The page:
I would like to find out address of recursive DNS server which gives me dns replies. Something like tracepath example.com to look for which dns servers ip addresses my request was forwarded to. I found dig +trace example.com but it is more about DNS resolving path which this recursive DNS server takes.

I know about resolvectl status where systemd's resolved shows which DNS server i'm actually using instead of This point me to my router which also have its DNS server point to another router in my lan or to actual ISP DNS server which gave me answer when i used dig/nslookup as far as i understand.

The usual way is to look in my modem connection statistics for dns ip that gave me my isp dhcp server. But I am looking for a better way, i.e. simple command line tool.

After some more search I stumbled upon https://www.dnsleaktest.com and this is practically functionality i'm looking for. But i don't really care if my ISP will proxy requests, I would like to just know how to get the ip of recursive DNS server without depending on some website api.

1 Answer 1


I would like to just know how to get the ip of recursive DNS server

If you are asking what DNS server has the exact answer to the request then it is not possible to find out.

There is a nice answer on http://serverfault.com which explains why:

I want to know what exact server in the end had the answer. Is that possible?

This is not achievable. You will not find the specific authoritative server that was consulted named anywhere in the payload of a DNS reply. There are CHAOS queries that exist for the purpose of identifying the specific recursive server that replied to you, but no such equivalent for extracting the name of the exact authoritative server that a recursor obtained the data from.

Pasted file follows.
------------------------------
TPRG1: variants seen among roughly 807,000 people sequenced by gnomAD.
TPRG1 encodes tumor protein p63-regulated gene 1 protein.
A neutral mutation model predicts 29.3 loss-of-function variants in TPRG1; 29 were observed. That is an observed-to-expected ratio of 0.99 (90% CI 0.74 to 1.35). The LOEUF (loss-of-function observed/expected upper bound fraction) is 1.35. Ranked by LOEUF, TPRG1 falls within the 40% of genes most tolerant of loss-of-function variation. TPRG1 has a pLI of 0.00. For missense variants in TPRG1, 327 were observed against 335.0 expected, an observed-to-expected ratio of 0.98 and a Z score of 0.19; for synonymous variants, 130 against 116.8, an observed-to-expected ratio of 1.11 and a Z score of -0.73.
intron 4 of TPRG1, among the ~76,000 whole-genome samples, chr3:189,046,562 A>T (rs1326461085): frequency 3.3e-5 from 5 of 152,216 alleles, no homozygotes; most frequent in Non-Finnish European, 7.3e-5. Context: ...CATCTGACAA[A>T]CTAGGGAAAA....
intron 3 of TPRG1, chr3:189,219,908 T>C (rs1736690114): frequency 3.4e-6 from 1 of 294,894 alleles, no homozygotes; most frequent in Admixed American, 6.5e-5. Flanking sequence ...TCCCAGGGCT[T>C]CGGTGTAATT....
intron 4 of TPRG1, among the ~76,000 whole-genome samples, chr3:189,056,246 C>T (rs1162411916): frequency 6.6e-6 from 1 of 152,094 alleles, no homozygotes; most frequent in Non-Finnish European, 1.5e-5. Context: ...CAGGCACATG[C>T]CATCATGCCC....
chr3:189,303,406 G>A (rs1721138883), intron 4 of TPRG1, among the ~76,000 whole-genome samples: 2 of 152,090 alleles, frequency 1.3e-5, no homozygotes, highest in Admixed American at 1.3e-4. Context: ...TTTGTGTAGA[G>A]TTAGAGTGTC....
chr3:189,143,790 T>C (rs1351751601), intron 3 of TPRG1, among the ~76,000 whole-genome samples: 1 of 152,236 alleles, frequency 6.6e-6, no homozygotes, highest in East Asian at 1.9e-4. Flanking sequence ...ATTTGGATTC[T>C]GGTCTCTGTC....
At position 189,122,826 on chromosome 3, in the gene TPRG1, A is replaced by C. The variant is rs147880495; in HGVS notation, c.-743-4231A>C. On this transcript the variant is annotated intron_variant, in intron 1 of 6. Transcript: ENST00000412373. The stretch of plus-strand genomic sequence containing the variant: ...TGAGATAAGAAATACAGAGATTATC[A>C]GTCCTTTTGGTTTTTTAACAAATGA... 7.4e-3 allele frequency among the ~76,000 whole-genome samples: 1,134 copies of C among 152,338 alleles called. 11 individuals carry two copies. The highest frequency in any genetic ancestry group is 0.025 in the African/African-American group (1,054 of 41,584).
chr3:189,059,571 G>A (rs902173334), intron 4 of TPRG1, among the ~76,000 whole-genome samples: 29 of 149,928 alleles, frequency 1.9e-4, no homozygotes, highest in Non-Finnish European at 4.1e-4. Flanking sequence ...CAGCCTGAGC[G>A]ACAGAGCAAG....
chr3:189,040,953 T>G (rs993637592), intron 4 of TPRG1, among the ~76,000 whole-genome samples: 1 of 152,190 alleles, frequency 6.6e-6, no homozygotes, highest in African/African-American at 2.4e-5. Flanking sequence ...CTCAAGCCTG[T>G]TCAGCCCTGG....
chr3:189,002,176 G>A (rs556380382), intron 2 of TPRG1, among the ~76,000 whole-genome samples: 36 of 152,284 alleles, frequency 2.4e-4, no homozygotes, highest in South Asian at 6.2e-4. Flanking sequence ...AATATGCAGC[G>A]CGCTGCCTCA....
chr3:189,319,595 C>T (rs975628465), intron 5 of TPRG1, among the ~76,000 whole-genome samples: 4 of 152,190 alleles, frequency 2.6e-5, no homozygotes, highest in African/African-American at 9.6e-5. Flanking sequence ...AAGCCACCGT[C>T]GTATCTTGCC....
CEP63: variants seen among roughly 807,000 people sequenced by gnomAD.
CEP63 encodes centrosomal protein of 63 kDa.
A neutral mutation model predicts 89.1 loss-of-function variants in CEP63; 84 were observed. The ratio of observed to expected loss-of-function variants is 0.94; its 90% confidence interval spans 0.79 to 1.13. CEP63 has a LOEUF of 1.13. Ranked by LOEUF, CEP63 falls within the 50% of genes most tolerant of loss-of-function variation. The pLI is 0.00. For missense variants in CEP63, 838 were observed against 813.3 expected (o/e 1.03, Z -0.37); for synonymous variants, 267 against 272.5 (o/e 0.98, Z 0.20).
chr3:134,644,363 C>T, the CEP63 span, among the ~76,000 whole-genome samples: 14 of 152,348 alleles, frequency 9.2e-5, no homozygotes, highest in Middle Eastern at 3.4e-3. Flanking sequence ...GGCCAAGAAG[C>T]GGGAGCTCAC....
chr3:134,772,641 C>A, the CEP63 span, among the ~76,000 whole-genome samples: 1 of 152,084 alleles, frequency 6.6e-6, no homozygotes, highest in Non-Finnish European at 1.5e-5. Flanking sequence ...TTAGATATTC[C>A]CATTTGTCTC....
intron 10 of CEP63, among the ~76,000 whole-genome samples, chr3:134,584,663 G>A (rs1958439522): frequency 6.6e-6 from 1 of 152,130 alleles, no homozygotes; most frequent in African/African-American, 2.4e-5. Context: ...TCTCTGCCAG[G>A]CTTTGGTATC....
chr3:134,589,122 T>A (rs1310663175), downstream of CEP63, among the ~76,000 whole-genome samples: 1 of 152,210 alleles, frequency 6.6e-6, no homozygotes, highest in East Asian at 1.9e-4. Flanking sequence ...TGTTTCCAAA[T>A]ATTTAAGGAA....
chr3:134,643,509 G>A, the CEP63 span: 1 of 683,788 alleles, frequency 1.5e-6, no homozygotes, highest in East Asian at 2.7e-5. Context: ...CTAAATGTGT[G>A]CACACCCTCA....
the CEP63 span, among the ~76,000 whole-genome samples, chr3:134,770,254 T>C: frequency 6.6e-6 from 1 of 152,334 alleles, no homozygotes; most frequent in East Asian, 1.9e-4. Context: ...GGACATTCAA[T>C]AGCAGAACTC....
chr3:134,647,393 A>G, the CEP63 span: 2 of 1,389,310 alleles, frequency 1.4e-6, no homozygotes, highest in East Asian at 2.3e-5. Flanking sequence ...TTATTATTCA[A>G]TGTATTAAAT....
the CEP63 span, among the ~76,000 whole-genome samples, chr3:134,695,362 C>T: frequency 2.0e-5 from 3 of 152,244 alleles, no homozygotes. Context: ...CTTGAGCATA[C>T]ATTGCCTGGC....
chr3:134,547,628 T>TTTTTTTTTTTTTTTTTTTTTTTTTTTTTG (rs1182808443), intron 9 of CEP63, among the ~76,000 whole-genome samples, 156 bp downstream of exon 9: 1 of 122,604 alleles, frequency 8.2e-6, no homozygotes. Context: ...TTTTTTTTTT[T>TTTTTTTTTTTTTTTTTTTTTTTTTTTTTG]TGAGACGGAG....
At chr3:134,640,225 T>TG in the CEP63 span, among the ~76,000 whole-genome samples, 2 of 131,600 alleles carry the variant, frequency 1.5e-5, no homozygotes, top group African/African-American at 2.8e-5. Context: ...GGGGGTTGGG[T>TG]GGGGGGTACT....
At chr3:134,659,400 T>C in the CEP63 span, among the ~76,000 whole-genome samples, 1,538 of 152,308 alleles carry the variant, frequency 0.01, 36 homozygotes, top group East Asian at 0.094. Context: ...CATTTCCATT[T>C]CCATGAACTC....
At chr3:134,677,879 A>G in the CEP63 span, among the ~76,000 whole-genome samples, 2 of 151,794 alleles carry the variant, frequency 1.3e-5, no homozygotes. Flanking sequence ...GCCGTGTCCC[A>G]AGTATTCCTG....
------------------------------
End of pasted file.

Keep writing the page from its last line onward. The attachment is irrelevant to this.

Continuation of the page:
The StackOverflow Q&A that Phillip linked to provides instructions for how to identify the list of NS records that were present in the authority section of a recursive DNS response. This is the full list of servers though, not the specific server. Even were that sufficient for your uses, this information is considered optional by the DNS standards and it is increasingly rare to see it in recursive responses in order to reduce the payload size of internally sourced reflection attacks.

If you know the name of the zone, you can request the full list of NS records via an explicit request for them. This requires knowing that you are at the apex of the zone; a request for example.com NS records will return the desired response but www.example.com will not, unless www was delegated to another set of servers. In this case, you have no choice but to work backwards iteratively until you discover the apex of the zone.

Long story short, there is no reliable short path (i.e. single query) to getting information about all upstream authority from a recursive server, and there is no way to learn the specific authoritative server that responded to a query without also controlling the authoritative server and creating unique data on each server. (if you do this, please create a unique zone for that purpose so that it does not interfere with your more sensitive production zone transfers)

Source: Find out which DNS server answered your query, answer by Andrew B

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